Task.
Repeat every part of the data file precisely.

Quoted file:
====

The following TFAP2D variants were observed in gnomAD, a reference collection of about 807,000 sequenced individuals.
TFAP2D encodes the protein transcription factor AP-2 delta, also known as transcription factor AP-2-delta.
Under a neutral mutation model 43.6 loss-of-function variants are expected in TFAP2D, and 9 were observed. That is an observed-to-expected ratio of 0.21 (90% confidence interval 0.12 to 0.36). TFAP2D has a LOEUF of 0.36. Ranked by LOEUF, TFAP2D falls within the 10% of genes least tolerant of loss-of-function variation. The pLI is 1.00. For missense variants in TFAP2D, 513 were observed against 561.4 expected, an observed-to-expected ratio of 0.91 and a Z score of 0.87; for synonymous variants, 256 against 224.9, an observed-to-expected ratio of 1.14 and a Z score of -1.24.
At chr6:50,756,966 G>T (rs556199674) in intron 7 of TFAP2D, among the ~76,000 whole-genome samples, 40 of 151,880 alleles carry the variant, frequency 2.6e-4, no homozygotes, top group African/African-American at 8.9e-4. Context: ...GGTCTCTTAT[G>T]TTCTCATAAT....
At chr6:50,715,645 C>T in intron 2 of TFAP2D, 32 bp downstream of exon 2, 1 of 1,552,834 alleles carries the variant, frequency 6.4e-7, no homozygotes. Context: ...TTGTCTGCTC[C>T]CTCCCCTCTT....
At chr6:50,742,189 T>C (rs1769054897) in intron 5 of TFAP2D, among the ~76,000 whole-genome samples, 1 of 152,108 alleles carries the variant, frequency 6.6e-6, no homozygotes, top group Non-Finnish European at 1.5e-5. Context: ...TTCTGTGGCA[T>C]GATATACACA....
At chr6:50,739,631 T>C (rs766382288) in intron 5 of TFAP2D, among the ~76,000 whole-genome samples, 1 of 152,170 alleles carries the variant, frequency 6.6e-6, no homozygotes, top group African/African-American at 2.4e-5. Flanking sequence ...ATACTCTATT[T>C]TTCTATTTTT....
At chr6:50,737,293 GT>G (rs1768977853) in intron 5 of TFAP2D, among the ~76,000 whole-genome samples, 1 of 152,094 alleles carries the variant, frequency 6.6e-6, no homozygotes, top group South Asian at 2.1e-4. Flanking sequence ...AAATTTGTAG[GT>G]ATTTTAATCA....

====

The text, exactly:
The following TFAP2D variants were observed in gnomAD, a reference collection of about 807,000 sequenced individuals.
TFAP2D encodes the protein transcription factor AP-2 delta, also known as transcription factor AP-2-delta.
Under a neutral mutation model 43.6 loss-of-function variants are expected in TFAP2D, and 9 were observed. That is an observed-to-expected ratio of 0.21 (90% confidence interval 0.12 to 0.36). TFAP2D has a LOEUF of 0.36. Ranked by LOEUF, TFAP2D falls within the 10% of genes least tolerant of loss-of-function variation. The pLI is 1.00. For missense variants in TFAP2D, 513 were observed against 561.4 expected, an observed-to-expected ratio of 0.91 and a Z score of 0.87; for synonymous variants, 256 against 224.9, an observed-to-expected ratio of 1.14 and a Z score of -1.24.
At chr6:50,756,966 G>T (rs556199674) in intron 7 of TFAP2D, among the ~76,000 whole-genome samples, 40 of 151,880 alleles carry the variant, frequency 2.6e-4, no homozygotes, top group African/African-American at 8.9e-4. Context: ...GGTCTCTTAT[G>T]TTCTCATAAT....
At chr6:50,715,645 C>T in intron 2 of TFAP2D, 32 bp downstream of exon 2, 1 of 1,552,834 alleles carries the variant, frequency 6.4e-7, no homozygotes. Context: ...TTGTCTGCTC[C>T]CTCCCCTCTT....
At chr6:50,742,189 T>C (rs1769054897) in intron 5 of TFAP2D, among the ~76,000 whole-genome samples, 1 of 152,108 alleles carries the variant, frequency 6.6e-6, no homozygotes, top group Non-Finnish European at 1.5e-5. Context: ...TTCTGTGGCA[T>C]GATATACACA....
At chr6:50,739,631 T>C (rs766382288) in intron 5 of TFAP2D, among the ~76,000 whole-genome samples, 1 of 152,170 alleles carries the variant, frequency 6.6e-6, no homozygotes, top group African/African-American at 2.4e-5. Flanking sequence ...ATACTCTATT[T>C]TTCTATTTTT....
At chr6:50,737,293 GT>G (rs1768977853) in intron 5 of TFAP2D, among the ~76,000 whole-genome samples, 1 of 152,094 alleles carries the variant, frequency 6.6e-6, no homozygotes, top group South Asian at 2.1e-4. Flanking sequence ...AAATTTGTAG[GT>G]ATTTTAATCA....